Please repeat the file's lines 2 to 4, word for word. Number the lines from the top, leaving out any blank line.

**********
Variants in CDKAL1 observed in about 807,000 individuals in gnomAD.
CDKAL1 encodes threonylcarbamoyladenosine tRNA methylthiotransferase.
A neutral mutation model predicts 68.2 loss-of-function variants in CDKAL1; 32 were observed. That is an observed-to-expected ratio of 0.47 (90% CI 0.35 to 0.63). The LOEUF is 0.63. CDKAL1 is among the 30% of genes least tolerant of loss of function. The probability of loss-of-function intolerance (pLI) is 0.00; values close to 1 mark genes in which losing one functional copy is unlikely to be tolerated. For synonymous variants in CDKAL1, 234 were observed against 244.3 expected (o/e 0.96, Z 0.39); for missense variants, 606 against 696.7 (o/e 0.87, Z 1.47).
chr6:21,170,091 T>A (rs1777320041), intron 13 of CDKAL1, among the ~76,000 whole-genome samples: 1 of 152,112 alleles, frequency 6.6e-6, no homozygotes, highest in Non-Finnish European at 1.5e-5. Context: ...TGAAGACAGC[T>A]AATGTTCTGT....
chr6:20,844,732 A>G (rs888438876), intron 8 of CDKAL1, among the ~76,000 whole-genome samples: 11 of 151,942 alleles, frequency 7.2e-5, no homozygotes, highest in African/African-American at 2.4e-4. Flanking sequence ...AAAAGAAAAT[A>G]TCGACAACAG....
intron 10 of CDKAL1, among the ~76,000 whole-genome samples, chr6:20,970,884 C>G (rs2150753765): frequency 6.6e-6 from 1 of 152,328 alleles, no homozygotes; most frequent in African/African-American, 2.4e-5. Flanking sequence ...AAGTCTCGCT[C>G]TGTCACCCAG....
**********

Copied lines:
CDKAL1 encodes threonylcarbamoyladenosine tRNA methylthiotransferase.
A neutral mutation model predicts 68.2 loss-of-function variants in CDKAL1; 32 were observed. That is an observed-to-expected ratio of 0.47 (90% CI 0.35 to 0.63). The LOEUF is 0.63. CDKAL1 is among the 30% of genes least tolerant of loss of function. The probability of loss-of-function intolerance (pLI) is 0.00; values close to 1 mark genes in which losing one functional copy is unlikely to be tolerated. For synonymous variants in CDKAL1, 234 were observed against 244.3 expected (o/e 0.96, Z 0.39); for missense variants, 606 against 696.7 (o/e 0.87, Z 1.47).
chr6:21,170,091 T>A (rs1777320041), intron 13 of CDKAL1, among the ~76,000 whole-genome samples: 1 of 152,112 alleles, frequency 6.6e-6, no homozygotes, highest in Non-Finnish European at 1.5e-5. Context: ...TGAAGACAGC[T>A]AATGTTCTGT....